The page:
Hash tables are a very important data structure that can be used for many things. They are really fast so they are a good fit for almost anything where they can be used. One example of when a hash table is useful is an associative array, for example:

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var a = {};
a['hello'] = 'hola';
a['bye'] = 'adios';

console.log(a['hello']); // Prints hola

The beauty of hash tables is that searching for the value of a[‘hello’] (ideally)takes the same time no matter how many values the associative array has. In JavaScript we have this functionality with plain objects, but I needed to understand a little more about it’s implementation so I will explain how you could create your own hash table using arrays.

Hash function

Creating a hash table is relatively easy once we have a hash function. A hash function will receive a string as input and will return an integer in a given range as output.

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var index = hash('someKey');

For the hash table to be useful it should give you well distributed return values depending on the data. I will not go in very much detail about good hashing algorithms because I’m sure I wouldn’t do a great job explaining all the strategies. For my example I will use a very simple strategy, the length of the key will be the returned value, so for example:

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hash('hello'); // Returns 5
hash('Bye'); // Returns 3

Buckets

Since we are going to use an array to store our elements we need to limit the size of our array. If we are using JavaScript we might not care about this and increase the size of the array as needed but this might not be a good idea for performance reasons. Having to resize the array constantly takes resources as well as having a very large array in memory may be something we don’t want.

For my example I will use a very small 10-items array:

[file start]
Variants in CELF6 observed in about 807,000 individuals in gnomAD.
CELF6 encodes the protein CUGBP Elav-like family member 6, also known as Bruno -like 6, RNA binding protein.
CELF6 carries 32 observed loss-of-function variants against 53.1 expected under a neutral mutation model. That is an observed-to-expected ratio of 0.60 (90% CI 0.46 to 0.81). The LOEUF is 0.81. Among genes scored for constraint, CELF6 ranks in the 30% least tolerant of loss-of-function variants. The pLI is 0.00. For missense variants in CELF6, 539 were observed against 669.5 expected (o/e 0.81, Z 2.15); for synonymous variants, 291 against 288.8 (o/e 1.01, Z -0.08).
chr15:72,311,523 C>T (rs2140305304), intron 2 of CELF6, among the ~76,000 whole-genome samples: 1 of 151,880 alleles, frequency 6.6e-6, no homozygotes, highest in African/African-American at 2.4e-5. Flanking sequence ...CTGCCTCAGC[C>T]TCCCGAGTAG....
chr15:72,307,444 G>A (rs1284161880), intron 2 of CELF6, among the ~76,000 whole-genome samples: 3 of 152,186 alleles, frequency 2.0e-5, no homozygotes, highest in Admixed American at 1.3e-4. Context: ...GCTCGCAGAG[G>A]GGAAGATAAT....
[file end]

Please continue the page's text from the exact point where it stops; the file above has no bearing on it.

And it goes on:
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var buckets = new Array(10);

This means we have indexes from 0 to 9 available for us to store whatever we want. Now, the problem is that since our hash function returns the length of the key, we might get something that is out of those bounds:

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hash('more than ten'); // Returns 13

This would force our array to resize, which is something we don’t want. What I’m going to do instead is modify the hash function so it never returns a number larger than a given limit.

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hash('more than ten'); // Returns 13 % 10 = 3

Crashes

There will be cases when we will have two keys return the same hash:

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hash('one'); // Returns 3
hash('two'); // Returns 3

For this reason we need to have a strategy to manage crashes. There are many things that can be done, but I will go for a simple alternative. When there are two elements in a bucket we will store them in an array:

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buckets[3] = [
  [
    'one',
    'value for one'
  ],
  [
    'two',
    'value for two'
  ]
];

Then we can loop that array and find the correct value for our key. This of course means that we would have to do a linear search here, but if we have enough buckets and our hash gives us relatively well distributed values then this should happen very rarely.

The code

Putting everything together our code looks like this:

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var hashTable = function(buckets) {
  if (!buckets) {
    buckets = 10;
  }

  var values = new Array(buckets);

  function hash(word) {
    return word.length % buckets;
  }

  this.put = function(key, value) {
    var keyHash = hash(key);

    if (!values[keyHash]) {
      // The first value
      values[keyHash] = [
        [key, value]
      ];
    } else {
      // This is a crash
      values[keyHash].push([
        key, value
      ]);
    }
  };

  this.get = function(key) {
    var keyHash = hash(key);

    if (!values[keyHash]) {
      return;
    }

    for (var i = 0; i <= values[keyHash].length; i++) {
      if (values[keyHash][i][0] === key) {
        return values[keyHash][i][1];
      }
    }
  };
};

var ht = new hashTable(10);

ht.put('one', 'uno');
ht.put('five', 'cinco');
ht.put('seventy three', 'setenta y tres');
ht.put('two', 'dos');
ht.put('ninety seven', 'noventa y siete');

console.log(ht.get('one')); // uno
console.log(ht.get('five')); // cinco
console.log(ht.get('seventy three')); // setenta y tres
console.log(ht.get('two')); // dos
console.log(ht.get('ninety seven')); // noventa y siete
console.log(ht.get('nothing')); // undefined
[ application_design  computer_science  algorithms  data_structures  design_patterns  javascript  programming  ]
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